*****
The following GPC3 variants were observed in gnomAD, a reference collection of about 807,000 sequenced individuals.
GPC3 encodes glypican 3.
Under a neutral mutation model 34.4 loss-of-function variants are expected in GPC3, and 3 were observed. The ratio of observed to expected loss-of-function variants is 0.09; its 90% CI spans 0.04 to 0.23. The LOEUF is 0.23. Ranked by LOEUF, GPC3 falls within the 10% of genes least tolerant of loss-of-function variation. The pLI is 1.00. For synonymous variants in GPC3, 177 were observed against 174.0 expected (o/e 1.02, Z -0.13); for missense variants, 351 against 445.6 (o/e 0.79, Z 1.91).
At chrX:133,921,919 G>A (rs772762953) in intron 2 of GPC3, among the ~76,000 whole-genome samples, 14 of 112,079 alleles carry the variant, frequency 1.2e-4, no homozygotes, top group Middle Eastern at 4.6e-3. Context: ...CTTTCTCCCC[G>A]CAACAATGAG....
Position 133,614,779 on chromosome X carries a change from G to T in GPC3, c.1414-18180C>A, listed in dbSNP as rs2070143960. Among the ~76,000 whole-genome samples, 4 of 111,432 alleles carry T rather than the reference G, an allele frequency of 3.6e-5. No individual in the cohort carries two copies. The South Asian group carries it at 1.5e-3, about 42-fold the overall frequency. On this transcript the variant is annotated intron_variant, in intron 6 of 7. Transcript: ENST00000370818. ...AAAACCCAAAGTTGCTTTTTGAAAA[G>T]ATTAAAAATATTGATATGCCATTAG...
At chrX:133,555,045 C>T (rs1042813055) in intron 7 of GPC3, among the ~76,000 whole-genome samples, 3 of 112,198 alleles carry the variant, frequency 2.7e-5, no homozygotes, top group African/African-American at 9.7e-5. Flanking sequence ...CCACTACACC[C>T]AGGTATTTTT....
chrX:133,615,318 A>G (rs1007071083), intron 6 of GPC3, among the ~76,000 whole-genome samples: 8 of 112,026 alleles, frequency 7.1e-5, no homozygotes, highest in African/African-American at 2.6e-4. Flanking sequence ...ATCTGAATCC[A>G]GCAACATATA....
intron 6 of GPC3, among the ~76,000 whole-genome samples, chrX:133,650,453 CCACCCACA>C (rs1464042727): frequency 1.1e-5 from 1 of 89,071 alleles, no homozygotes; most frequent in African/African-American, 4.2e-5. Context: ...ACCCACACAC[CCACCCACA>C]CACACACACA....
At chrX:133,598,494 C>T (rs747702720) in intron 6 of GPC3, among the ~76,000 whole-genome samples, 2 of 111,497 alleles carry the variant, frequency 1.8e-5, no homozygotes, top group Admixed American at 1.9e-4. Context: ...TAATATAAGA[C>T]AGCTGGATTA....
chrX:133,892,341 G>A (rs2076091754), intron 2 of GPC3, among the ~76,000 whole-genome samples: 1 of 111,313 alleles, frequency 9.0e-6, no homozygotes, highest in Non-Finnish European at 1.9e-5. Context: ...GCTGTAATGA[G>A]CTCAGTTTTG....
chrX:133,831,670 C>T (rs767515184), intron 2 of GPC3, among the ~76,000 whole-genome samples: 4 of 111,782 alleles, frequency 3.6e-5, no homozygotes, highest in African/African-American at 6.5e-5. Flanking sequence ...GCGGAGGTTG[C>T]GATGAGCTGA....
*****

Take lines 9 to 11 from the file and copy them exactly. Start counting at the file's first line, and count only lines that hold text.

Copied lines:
At chrX:133,598,494 C>T (rs747702720) in intron 6 of GPC3, among the ~76,000 whole-genome samples, 2 of 111,497 alleles carry the variant, frequency 1.8e-5, no homozygotes, top group Admixed American at 1.9e-4. Context: ...TAATATAAGA[C>T]AGCTGGATTA....
chrX:133,892,341 G>A (rs2076091754), intron 2 of GPC3, among the ~76,000 whole-genome samples: 1 of 111,313 alleles, frequency 9.0e-6, no homozygotes, highest in Non-Finnish European at 1.9e-5. Context: ...GCTGTAATGA[G>A]CTCAGTTTTG....
chrX:133,831,670 C>T (rs767515184), intron 2 of GPC3, among the ~76,000 whole-genome samples: 4 of 111,782 alleles, frequency 3.6e-5, no homozygotes, highest in African/African-American at 6.5e-5. Flanking sequence ...GCGGAGGTTG[C>T]GATGAGCTGA....